Still, Nigeria could also borrow a leaf from Jamaica. The impoverished island, with a population that is less than three million, has in the past 10 years dominated the sprint events in the world. Currently, the fastest men and women in the world come from Jamaica. But how did this country achieve this enviable feat in spite of its small size and paucity of funds? Interestingly, the method it used is not novel. Nigeria once used it in the past to devastating effect. Jamaica invested a lot in school competitions, discovering and nurturing its athletes from an early age. It was this system of intense rivalry at the high school sporting competitions that forged Usain Bolt into the world-class athlete he is today.
In the past, secondary school competitions thrived in Nigeria as a fertile ground for harvesting and nurturing future stars. It was this production line that produced the likes of the late Yomi Bankole and Atanda Musa, who dominated table tennis in Africa and beyond. Sadly, the conveyor belt that churned out such world-class athletes has been disrupted. Little wonder that many of the athletes representing Nigeria in the London Olympics were groomed in other countries.
In this regard, many observers say the various sporting federations have a herculean task before them. Bringing back the old glorious era when the nation was a sporting giant would entail the various federations severing their overdependence on government funding and looking in the direction of the private sector. In this respect, Galadima said the government may have started in the right direction by providing incentives to the private sector like tax rebate which he believed the corporate world would benefit from if they put their money into sports sponsorships. “The sporting authorities should also be transparent and honest in the way they handle such funds so that the private sector would be comfortable to release their funds to run sports in the country. The only way we can get it right is to get people who are dedicated and God-fearing, committed, not coming to run sports because of what they get out of it but because of the love they have for sports and interest of country. Unless we get it right, we would continue having this problem,” Galadima recommended.
Only by following Galadima’s advice would the sporting federation avert the fate that befell the Nigerian Premier League, NPL, which lost its title sponsors, Globacom. Consequently, the NPL is in its second season without a sponsor. The magazine learnt that Globacom pulled out because it was not pleased with the manner in which the administrators of the league utilised the sponsorship money. As Oguntuyi revealed, “There was the situation in which those who won the league were paid just N5 million. What will N5 million do for a club in a whole year? Can it pay players’ wages in a week? And yet the same NPL was spending N50 million to decorate its office, while some top officials even got about 10 per cent of the total sponsorship money. In fact, it got so bad that a sponsor organised a competition and the money was paid directly to the team instead of through the NPL.”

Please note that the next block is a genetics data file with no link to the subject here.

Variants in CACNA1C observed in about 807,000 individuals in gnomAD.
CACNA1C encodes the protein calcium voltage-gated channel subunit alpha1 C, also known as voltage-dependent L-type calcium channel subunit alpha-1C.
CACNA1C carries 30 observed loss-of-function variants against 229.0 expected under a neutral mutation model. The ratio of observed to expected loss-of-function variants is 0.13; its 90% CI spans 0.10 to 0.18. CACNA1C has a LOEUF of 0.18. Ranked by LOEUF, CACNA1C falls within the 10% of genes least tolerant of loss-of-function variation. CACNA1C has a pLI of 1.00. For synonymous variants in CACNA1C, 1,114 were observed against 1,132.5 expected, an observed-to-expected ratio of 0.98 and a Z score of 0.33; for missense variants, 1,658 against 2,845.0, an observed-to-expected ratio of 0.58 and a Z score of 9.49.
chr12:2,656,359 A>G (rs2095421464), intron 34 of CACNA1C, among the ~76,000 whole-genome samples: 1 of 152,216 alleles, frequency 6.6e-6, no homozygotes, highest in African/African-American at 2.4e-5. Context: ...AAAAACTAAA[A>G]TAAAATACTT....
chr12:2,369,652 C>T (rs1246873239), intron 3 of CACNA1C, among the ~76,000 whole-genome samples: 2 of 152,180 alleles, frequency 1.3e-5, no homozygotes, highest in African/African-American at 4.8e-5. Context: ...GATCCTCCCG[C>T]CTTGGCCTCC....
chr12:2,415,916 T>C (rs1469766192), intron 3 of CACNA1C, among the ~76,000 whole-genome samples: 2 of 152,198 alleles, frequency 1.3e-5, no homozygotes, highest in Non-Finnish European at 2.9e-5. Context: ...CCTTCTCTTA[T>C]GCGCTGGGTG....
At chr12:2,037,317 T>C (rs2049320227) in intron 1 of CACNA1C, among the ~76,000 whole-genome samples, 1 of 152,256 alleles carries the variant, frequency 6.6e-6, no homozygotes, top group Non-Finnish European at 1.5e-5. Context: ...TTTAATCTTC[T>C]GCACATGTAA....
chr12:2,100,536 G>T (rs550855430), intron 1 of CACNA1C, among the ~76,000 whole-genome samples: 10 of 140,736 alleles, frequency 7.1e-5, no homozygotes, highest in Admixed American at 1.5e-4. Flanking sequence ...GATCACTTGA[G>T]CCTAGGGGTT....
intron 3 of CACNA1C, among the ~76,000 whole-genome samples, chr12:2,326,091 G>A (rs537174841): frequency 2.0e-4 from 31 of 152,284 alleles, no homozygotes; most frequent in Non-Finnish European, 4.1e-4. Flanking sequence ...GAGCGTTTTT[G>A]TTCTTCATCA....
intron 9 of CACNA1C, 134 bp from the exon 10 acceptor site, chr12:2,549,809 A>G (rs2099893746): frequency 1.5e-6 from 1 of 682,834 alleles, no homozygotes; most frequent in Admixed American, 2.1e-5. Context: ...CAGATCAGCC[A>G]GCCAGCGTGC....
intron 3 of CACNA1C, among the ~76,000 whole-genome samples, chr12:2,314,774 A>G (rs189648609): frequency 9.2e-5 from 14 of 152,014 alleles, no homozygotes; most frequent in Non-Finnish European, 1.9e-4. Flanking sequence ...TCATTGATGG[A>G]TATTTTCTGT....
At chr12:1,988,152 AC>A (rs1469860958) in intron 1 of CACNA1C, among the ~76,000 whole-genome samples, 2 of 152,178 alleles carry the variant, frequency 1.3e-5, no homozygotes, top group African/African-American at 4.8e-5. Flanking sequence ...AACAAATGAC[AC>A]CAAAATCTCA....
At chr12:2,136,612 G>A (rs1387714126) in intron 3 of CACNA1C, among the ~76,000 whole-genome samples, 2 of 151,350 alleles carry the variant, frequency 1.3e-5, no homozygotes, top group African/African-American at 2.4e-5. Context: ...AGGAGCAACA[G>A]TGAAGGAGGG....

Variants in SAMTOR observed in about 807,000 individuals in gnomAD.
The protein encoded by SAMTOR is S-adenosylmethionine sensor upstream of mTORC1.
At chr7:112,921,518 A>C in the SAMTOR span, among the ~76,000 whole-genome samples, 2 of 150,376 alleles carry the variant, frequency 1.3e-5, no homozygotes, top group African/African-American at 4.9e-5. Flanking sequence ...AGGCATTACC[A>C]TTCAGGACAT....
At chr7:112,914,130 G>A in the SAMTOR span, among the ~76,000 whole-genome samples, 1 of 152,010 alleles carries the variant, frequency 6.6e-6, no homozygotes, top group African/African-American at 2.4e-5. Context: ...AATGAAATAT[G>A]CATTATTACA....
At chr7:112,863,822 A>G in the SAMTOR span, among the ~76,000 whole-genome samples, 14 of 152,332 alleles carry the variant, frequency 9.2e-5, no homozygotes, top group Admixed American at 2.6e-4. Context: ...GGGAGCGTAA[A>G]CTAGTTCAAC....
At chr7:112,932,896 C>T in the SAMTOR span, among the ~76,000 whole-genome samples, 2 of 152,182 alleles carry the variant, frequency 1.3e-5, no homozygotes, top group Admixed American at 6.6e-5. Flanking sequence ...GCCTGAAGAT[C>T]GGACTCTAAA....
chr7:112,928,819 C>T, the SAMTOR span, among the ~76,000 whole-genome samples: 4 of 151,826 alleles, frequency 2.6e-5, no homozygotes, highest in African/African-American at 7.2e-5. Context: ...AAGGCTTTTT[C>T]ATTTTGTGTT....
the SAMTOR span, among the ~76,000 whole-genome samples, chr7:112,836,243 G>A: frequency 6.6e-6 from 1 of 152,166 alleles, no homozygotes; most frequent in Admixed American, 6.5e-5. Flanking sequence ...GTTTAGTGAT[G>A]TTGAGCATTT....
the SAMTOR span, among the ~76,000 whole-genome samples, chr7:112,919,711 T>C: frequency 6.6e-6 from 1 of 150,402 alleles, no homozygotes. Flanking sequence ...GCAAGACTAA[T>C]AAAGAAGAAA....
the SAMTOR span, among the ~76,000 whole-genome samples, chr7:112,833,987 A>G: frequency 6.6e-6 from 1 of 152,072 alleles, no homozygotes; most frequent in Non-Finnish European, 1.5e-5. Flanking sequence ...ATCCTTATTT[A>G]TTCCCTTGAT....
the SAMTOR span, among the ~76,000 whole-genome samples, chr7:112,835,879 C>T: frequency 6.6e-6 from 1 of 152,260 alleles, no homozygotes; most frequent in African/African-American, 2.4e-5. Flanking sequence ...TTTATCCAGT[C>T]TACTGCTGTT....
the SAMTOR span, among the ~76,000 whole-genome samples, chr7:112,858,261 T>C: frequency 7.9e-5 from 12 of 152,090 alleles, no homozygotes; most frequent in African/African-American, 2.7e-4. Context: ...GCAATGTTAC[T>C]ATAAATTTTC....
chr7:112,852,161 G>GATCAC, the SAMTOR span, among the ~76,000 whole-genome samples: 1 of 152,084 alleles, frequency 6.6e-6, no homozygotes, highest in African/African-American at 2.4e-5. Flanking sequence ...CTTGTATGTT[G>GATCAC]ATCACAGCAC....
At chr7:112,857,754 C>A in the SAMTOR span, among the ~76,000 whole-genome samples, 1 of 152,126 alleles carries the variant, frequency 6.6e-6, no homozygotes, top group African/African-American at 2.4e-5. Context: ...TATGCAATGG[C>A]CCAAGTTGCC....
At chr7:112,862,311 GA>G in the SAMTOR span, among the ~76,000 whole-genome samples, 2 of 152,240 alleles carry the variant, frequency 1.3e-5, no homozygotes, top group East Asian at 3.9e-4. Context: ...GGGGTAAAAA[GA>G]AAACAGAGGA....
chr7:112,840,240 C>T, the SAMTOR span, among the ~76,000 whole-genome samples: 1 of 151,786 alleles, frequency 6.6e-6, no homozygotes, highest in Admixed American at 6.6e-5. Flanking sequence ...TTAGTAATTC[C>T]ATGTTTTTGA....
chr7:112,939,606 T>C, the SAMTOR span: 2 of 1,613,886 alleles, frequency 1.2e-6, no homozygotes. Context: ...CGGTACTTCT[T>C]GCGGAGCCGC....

This is however a stark contrast to the English Premier League, EPL, which paid Manchester City £60.6 million for winning the 2012 league. In fact, the EPL paid a total of £968 million to the top 20 clubs in the league. When payments made to clubs that dropped out of the league are added, the total money paid by EPL to clubs last season would shoot up to £1.1 billion. For instance, Arsenal which finished in the third position last season got £56.2 million from the EPL, while Queens Park Rangers, which marginally escaped relegation was paid £43.2 million.
In view of the circumstance, Oguntuyi insists that the only way that the nation’s sports could come out of the woods is through the reformation of the various sporting federations, by making them more accountable and transparent. This he says would entail their severance from government umbilical cord. “If the private sector sees that our sporting federations are using the funds well, they will invest in our sports. Do you know that Zenith Bank is one of the sponsors of the Black Stars of Ghana?” he asks. The government should also realise that its contribution to developing sports begins and ends with the provision of facilities, infrastructure and policy guidelines, says Lanipekun. “Choosing or imposing people to run the various (sports) associations is not their business. Let us return to the days of the volunteers who had knowledge and expertise to run sports, while the government provides the facilities, infrastructure and policy guidelines,” he suggested.
Segun Odegbami, former Nigerian football international star, on his part insists that the nation is not yet ripe for the private sector to take over its sports. Even then, he rails against the overbearing influence of government in the sports sector, which he says has brought it to its knees. “In this part of the world, government participation in sport is inevitable because we are not that developed. Who in the private sector will want to own a team? However, the government must reduce its overbearing influence in the sector,” he advises.
Kayode Thomas, a sports journalist, allies with Odegbami in insisting that the government must not completely remove its hands from sports. “What the government should do is to create the environment and come out with good polices that will develop sports. It could use tax incentives or legislate that a certain percentage of corporate profit should go into sports,” he says.
This might just be the miracle that Nigeria would need to save its dying sports sector. While awaiting the miracle, Obayiuwana is not happy that “after every Olympic Games or any other major sports competition, the familiar refrain in Nigeria sports circle is ‘we will learn our lessons and go back to the drawing board’.” And barring any spectacular individual performances from Nigeria’s athletes, it may just be the same old cliché that will be repeated after the London Olympic Games.